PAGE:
4/18/2012 12:26pm, #971
Like I said earlier, it will get the law changed or removed. That's what the **** media blitz was really about in the first place.
4/18/2012 12:55pm, #972
4/18/2012 7:13pm, #973
- Join Date
- Mar 2006
4/18/2012 8:05pm, #974
Anyway, back to adult conversation.
“In reality the NRA’s leaders weren’t interested in public safety. They were interested in promoting a culture where people take the law into their own hands and face no consequences for it. Let’s call that by its real name, vigilantism,” he said. ”The NRA should be ashamed of themselves. This has nothing to do with gun owners rights. It has nothing to do with the second amendment.”Bloomberg, who was joined by civil rights leaders and Florida State Sen. Chris Smith, said the laws had undermined the justice system and have done harm to public safety.
“They justify civilian gunplay and invite vigilante justice and retribution with disastrous results,” he said.
ABC News reached out to the NRA for comment, but it has yet to respond.In Florida, he said, justifiable homicides increased from 12 per year to 36 per year when the five years before and after the passage of the law were compared.
4/18/2012 11:14pm, #975
Thank heaven our wise politicians are acting to save all those poor burglars, car jackers, and home invaders from the evil gun wielding citizens of Florida.
Justified homicides increased from 12 to 36 a year after the passage of Stand Your Ground? Goodness. It's like the law was written to permit more killings in defense of property and person to be considered "justified" instead of "deserving of jail time". But that's crazy talk.
Have no fear, potential Democratic voters in the Miami area, your elected officials will bring back "duty to retreat" soon enough and perhaps this will deter the gun owning citizens from harming you.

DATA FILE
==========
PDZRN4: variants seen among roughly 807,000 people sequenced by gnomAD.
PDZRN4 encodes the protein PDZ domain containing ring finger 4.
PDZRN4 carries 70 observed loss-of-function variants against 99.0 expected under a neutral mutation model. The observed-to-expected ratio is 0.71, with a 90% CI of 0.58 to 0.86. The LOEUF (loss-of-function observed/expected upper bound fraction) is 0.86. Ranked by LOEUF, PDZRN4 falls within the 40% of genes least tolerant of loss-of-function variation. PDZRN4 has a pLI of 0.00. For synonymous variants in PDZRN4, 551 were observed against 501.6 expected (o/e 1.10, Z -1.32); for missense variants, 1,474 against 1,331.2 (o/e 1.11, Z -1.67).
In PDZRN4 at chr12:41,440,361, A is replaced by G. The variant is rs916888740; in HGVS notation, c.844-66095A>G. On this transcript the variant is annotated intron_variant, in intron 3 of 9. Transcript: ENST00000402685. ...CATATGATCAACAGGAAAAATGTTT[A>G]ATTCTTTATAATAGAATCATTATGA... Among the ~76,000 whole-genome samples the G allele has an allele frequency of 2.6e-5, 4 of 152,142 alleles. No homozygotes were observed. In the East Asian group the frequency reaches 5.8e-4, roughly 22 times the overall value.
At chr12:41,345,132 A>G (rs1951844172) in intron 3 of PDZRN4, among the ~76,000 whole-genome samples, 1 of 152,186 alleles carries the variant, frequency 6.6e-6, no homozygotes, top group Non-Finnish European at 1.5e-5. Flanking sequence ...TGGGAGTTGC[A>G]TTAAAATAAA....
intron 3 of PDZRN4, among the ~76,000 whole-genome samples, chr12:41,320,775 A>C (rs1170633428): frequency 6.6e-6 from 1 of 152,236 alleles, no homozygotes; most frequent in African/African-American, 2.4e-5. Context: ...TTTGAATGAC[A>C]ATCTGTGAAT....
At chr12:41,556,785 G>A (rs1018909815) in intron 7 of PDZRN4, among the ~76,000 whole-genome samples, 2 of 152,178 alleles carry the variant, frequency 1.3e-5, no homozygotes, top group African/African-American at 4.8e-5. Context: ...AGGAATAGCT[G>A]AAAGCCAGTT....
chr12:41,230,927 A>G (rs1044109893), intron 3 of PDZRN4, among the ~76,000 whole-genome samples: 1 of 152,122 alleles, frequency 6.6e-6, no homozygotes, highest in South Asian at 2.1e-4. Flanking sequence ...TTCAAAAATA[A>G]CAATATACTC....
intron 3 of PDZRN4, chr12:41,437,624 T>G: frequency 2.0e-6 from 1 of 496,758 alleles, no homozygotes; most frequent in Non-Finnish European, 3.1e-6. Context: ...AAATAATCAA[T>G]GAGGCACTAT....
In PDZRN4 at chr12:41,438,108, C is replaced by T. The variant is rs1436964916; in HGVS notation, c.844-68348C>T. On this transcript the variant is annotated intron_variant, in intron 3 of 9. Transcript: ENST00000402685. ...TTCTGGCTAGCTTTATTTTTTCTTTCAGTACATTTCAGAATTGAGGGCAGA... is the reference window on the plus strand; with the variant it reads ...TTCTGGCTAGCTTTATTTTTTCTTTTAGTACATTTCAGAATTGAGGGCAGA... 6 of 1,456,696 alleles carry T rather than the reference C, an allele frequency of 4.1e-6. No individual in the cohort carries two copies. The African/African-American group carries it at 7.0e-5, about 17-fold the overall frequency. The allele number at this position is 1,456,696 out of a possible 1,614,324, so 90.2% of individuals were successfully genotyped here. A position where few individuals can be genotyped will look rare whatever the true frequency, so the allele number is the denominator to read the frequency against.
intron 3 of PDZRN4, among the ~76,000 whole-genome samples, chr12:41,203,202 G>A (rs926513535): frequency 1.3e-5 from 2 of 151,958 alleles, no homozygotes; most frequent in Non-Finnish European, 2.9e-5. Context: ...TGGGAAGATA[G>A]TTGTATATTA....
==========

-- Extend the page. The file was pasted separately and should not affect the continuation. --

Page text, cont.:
4/18/2012 11:19pm, #976
The NRA bought this law, to promote a gun culture seemingly straight out of a bad movie. It should be catching heat IMO.
4/18/2012 11:31pm, #977
While I appreciate New York City Mayor Michael Bloomberg's desire to legalize to the Christian principle of turning the other cheek, perhaps, with 517 people in one year shot dead in New York in spite of some the strictest gun laws in the nation he would do well to consider the also worthy principle, "Remove thou the log from thine own eye, before thou criticize thy brother for the splinter in his." (Ugh, William Faulkner notwithstanding, the King James Bible and Mississippi idiom don't mesh very well.)
Source on 517 a year, year in question was 2010:
4/19/2012 11:10am, #978
987 murders in Florida on a population of 18,801,310. That's for a population density of 353.4/sq mi.
Could the disparity possibly have to do with the population there being approx. 74 times more dense?
NY state has a density of 412.3 inhabitants per square mile (159.2 /km2). That's more comparable.
4.5 murders per 100,000 for NY state vs. 5.2 for Florida in 2010.
Different numbers around, depending on year/source, but the two states seem roughly comparable on the whole.
I'll have more time after my gig tonight, to look some more. Most of the numbers above were from Wiki.
4/19/2012 1:09pm, #979
- Join Date
- Sep 2006
- Judo & BJJ
Bloomberg is an ass. The only reason I voted for him when I lived in NYC is that he was the least worst option compared the leftist retards the Demon-rats put up here.
Gun control laws don't work. There is no positive relationship between restrictive gun laws and murder rates/violent crime. It tends to go the other way, actually. Washington DC and Chicago have the strictest gun laws in the US and some of the highest murder rates, for example.
You just end up disarming the law-abiding, leaving just the criminals with guns. Which house to you break into if you're a criminal: the one with the Brady Campaign signs or the one that says "protected by Smith & Wesson"? Do you mug the small woman who is carrying openly?
You also have to look at who is doing the killing and being killed (hint: gangs and drugs are a huge part of it).
4/19/2012 2:39pm, #980
What really makes my head spin is that these a lot of (but by no means all) these same people will argue for the legalization of pot and other drugs, because "the people that want them are gonna get them, making them illegal just grows the black market and the cartels, plus we're missing out on all that tax money." Cognitive dissonance much?